One of the most prevalent memories I have from my childhood is being read to. Every week, my mom would load my sister and I in the van and head downtown to the library where we would practice returning, renewing, and selecting new books. I can still see the orange carpet in the children’s library, the shelves that stood only as tall as a seven year old, and hear the crinkle of the plastic covers that protected each precious story like shrink wrap. During the week, my sister and I vied for places on her lap as she read aloud each book. I wouldn’t say she was a theatrical reader, I don’t recall her trying on different voices or even pausing to ask us what we thought, but it was her voice telling a story. Isn’t that the magic of being read to?
Read alouds in K-12 classrooms have immense benefits, although their usage and popularity have ebbed and flowed overtime, as discussed by Steven L. Layne’s book In Defense of Read-Aloud which Amy writes about along with practical strategies for implementation. This summer, I began to notice much discussion around reading aloud in the adolescent classroom and my interest was piqued. My challenge to myself this summer was to try implementing read alouds, not just think alouds, in my classroom.
Admittedly, I got a little scared. Then I chickened out.
Having just hours to submit a book list to the department chair and having never visited the school I was about to teach at, I was unsure how a read aloud would be perceived by my new students and new colleagues. So, I played it safe and opted to start the year with a full class read aloud using one of the required texts, The Crucible (I work with a curriculum that includes highly suggested texts for English 3, American Literature in the state of Utah, which has led me to a balance the requirements while choice). I put students at the center of the read aloud, hoping they would embrace and take ownership of hearing a story versus reading it.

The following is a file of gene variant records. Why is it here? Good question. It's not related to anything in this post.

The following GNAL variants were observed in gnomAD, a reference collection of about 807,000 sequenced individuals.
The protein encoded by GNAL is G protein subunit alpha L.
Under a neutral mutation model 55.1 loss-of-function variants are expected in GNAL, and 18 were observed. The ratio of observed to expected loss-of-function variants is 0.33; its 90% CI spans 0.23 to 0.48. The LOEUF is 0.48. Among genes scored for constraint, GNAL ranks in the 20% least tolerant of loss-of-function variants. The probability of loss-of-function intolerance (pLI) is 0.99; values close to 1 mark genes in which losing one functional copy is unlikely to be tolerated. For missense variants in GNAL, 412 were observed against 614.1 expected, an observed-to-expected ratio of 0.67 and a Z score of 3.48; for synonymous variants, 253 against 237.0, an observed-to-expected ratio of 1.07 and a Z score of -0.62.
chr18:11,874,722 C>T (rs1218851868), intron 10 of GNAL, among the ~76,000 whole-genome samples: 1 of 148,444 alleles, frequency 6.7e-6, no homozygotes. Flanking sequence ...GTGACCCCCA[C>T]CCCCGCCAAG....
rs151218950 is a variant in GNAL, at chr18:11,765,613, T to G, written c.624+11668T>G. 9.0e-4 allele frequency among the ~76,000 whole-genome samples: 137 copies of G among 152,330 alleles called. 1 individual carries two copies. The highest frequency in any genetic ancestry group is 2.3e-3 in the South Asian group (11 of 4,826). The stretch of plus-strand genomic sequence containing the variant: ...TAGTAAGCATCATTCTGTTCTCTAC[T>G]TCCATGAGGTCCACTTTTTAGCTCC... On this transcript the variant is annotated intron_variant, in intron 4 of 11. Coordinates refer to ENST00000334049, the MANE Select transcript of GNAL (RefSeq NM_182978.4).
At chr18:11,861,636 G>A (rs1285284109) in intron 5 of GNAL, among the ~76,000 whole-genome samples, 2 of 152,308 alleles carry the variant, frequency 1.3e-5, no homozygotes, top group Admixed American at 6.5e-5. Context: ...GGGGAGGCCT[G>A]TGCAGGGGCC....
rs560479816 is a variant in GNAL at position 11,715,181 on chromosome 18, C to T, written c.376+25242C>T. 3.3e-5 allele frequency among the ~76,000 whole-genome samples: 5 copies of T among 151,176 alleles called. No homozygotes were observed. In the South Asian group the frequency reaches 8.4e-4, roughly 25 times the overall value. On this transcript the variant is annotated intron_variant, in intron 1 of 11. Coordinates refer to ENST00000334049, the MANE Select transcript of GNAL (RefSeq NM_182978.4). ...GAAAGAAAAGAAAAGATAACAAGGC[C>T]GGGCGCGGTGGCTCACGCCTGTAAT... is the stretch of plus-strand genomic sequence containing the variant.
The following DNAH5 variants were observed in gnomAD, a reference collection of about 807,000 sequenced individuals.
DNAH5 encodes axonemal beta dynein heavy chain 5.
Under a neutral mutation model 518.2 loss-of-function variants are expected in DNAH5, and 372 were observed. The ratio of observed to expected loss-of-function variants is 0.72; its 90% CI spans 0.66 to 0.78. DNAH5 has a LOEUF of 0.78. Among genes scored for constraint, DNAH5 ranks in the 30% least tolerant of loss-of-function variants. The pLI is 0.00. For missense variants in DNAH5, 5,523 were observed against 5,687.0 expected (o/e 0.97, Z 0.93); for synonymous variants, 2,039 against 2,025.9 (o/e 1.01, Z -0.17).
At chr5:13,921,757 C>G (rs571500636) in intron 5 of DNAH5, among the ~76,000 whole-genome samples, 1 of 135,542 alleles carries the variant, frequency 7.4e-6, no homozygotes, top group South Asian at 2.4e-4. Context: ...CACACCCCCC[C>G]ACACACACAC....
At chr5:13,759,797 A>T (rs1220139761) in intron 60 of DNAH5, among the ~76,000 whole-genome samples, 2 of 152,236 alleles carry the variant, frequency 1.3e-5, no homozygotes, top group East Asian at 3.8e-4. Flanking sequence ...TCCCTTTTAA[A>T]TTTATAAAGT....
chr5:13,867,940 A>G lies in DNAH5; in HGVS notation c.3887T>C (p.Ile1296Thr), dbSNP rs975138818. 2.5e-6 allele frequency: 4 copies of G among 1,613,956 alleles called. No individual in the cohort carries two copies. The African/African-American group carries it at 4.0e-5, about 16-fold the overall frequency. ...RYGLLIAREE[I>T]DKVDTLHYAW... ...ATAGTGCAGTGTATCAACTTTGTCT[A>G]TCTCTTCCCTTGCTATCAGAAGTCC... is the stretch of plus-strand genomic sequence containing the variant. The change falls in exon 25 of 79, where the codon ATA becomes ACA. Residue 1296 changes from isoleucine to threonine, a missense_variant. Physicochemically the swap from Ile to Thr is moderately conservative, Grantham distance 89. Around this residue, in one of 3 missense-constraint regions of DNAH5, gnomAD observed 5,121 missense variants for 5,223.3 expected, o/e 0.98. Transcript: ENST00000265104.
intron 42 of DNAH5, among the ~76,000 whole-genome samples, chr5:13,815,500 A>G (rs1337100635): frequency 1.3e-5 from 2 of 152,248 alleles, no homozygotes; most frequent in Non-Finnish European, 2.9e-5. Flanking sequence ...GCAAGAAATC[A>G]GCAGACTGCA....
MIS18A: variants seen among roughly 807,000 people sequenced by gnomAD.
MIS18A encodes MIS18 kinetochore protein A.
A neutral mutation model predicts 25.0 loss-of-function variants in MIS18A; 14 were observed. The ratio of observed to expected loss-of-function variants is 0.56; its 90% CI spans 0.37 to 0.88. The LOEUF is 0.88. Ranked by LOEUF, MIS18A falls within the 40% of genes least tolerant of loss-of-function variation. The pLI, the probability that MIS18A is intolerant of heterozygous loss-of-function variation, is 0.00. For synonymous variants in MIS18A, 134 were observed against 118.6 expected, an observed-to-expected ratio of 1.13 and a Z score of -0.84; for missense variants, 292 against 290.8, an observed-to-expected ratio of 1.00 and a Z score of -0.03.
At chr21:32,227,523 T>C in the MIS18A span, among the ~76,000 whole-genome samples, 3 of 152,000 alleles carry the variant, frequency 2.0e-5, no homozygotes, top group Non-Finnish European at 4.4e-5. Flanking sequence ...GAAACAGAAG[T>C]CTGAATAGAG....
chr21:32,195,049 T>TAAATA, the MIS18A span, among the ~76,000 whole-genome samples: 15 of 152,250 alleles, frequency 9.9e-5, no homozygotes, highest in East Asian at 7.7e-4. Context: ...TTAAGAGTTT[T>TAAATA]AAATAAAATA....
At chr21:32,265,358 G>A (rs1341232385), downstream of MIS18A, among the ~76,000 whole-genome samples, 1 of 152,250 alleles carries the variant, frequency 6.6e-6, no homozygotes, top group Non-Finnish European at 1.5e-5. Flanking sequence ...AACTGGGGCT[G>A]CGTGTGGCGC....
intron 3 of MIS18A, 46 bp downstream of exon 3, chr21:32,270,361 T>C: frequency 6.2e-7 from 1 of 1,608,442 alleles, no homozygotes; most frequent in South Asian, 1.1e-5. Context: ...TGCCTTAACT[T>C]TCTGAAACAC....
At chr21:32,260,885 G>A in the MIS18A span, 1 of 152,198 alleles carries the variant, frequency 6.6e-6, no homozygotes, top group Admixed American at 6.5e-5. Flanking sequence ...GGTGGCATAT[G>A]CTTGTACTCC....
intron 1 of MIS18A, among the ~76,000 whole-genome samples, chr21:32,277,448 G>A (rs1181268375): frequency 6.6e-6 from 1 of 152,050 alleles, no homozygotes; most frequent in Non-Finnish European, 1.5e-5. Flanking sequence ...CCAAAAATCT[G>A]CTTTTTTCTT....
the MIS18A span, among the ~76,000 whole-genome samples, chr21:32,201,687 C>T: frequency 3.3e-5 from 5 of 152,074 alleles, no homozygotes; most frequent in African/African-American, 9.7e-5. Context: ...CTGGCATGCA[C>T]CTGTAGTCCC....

Did I fear a lack of student buy in? Yep. Did I wonder if my pedagogical reasoning would be questioned? At some points. Am I planning for a class-selected read aloud in the coming weeks? Sure am!
Students loved it.
I loved it.
We laughed, we questioned, we build community, and we worked on critical reading skills. We also enjoyed the story–there is power in students hearing a story, even when they’re 16 or 17 years old.
Building upon Layne’s research, here are the benefits I noticed in my classroom:
- Students received a foundation of reading strategies to start the school year. As a play is essentially a “think aloud,” with the narrator teaching students to make inferences about characters, conflict, and the social setting. Prior to starting, we discussed our reading voices, what Chris Tovani has labeled as “Interacting” and “Distracting” voices in Do I Really Have to Teach Reading?. The interacting voice is what makes connections and predictions, asks questions, develops an opinion, and identifies confusion as we are decoding words. The distracting voice is what pulls a reader’s attention away from the text (Tovani 63). For struggling readers, the narrated parts and asides modeled this “interacting voice” and we implemented “Fix Up Strategies,” as defined by Tovani, when our distracting voice overpowered our interacting voice, leading to muddled comprehension. We paused to recap the plot, ask questions, and make predictions during our full class reading. Students had permission to pause the read aloud and we implemented these strategies together and practice themselves.
- Students made connections between the false accusations and lies of Salem and our current world. I never had to answer the age-old English question of “Why are we reading this?” Big win when students understand the relevance of a common text to their world.